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    1. Oops! Thanks for the warning, Marci.

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    2. There is a beautiful and moving photograph of a bent-over woman on the streets in Paris that we included in a Lectionary Leanings three years ago. We also got threatened with copyright infringement (!!!) so do not use it on your blog if you should find it.

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  23. Hubby has taken the girls for the morning, so I can get a sermon written. Morning is not my best time of day, but here I sit (as Liz said, facebooking, reading important articles on the history of Fisher Price Little People, etc).

    I'm preaching on the Luke passage at two different supply congregations. I find it hard to write for two contexts at the same time (though similar demographics, very different ethoses...ethosi...?...feeling in each congregation).

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    1. Feeling affirmed in my methods! LOL

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  24. Am I the only crazy one out there preaching on Hebrews? Realized I almost never preach the epistle so promised I would this time. Last week: no problem. This week? Oh my. Focusing on how we understand God, but anyone else preaching on Hebrews--throw me a life ring, will ya?

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    1. Rebecca, I'm sure the slog will be worth it - even if only to save you having to visit the Epistle for a long time!

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    2. I touch on the Hebrews, or rather, give it a nod by mentioning how the consuming fire is not destructive, but burns away that which keeps us from being the person we were intended in creation--more fully ourselves (and in a "flaming" liberal kind of way...as in, be most fully the person you are, God made you holy and good)

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  25. I am going with Jeremiah and exposing a pattern of life that God speaks, the tearing down and the building up. Having just sent our youngest to college, I am in the midst of reorganizing my own internal and external life. In our congregation, there are new ministries that are displacing older less active ministries, the shift is a difficult one for the older leaders in the church. In addition, we launched a new improved website, and much of the old website went to archives. A difficult loss for some and an exciting future for others.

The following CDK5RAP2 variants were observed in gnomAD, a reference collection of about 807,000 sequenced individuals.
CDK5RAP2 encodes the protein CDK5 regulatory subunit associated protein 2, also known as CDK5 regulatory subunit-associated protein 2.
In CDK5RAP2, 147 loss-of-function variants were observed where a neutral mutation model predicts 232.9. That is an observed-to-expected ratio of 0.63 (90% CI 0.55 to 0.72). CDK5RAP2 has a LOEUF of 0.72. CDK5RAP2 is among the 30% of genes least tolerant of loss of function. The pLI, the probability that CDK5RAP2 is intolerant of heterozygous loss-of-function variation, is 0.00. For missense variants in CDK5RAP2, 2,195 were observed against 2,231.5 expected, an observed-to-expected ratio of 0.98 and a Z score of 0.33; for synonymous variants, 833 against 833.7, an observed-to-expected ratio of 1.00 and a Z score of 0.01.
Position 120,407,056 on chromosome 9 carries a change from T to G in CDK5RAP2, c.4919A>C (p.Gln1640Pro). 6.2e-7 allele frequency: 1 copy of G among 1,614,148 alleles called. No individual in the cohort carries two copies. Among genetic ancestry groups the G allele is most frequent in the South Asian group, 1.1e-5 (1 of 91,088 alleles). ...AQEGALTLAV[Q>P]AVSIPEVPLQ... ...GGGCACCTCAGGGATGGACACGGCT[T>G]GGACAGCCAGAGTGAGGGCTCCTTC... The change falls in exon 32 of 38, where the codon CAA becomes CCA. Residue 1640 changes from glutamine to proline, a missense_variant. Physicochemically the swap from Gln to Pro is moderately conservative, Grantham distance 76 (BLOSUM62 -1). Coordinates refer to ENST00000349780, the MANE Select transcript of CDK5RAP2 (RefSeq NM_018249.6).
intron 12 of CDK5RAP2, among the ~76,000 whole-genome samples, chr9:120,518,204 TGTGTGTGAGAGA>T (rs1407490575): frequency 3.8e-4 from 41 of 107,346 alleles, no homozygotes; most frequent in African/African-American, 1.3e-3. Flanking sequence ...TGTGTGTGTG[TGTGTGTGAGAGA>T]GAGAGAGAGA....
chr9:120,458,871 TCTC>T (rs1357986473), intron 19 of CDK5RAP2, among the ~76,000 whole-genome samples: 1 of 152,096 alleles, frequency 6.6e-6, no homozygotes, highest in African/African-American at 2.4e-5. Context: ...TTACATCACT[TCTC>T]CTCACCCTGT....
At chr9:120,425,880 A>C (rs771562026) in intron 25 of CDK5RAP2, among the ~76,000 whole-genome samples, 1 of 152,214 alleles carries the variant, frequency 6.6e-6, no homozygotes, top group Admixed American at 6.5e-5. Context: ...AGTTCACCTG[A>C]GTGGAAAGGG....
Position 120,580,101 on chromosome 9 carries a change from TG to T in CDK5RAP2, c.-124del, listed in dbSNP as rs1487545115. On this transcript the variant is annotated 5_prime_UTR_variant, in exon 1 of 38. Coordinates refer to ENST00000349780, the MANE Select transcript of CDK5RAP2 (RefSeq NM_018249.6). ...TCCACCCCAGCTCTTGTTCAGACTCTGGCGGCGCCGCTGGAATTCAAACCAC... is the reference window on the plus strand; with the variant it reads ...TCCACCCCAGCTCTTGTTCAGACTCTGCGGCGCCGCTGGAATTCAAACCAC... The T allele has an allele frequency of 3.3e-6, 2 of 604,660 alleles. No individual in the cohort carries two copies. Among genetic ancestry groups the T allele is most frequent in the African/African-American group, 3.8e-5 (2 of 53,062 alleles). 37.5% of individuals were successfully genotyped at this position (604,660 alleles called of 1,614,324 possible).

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    1. Janetsalbert - hope preaching change in the midst of all that upheaval helps you to sort through a few things.

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  26. Good morning friends! Waving at liz- thanks for hosting!
    I have a vague idea about the law of love - how the law- rightly used and understood -is supposed to uphold and support human dignity not crush it. Antoinette Tuff could have responded with judgment but had the grace and courage to respond with love. In my brain this is riffing off to the March on Washington for Jobs and Freedom. I need to do something short as this is a Communion Sunday for us. And we are hosting our first party at our new home tomorrow. 70 people have RSVP'd! That is a Presbyterian miracle! We just expect you know we are coming and show up. We have a nice sized backyard so it is doable. Amazing husband is cleaning and getting ready as I write so I don't want to be doing this all day. Back at it.

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    1. You've having a party at your home on a Sunday?? With 70 people?? Wow. I'm in awe.

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    2. Don't be in too much awe - pot luck with catered BBQ. This is part of our summer long "meet the new pastor" events so my fabulous Transition Team is helping set up and run things. We just have to have the house presentable ;) trust me- that was enough to take on!

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    3. Backatcha Celeste. Great that so many people are keen to come and meet their new pastor. And glad that you have help to set things up!

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    4. yikes! 70, even if I "only" have to have the house presentable seems horrific (I like my space!). Kudos for your hospitality and I'm glad that folks are turning out!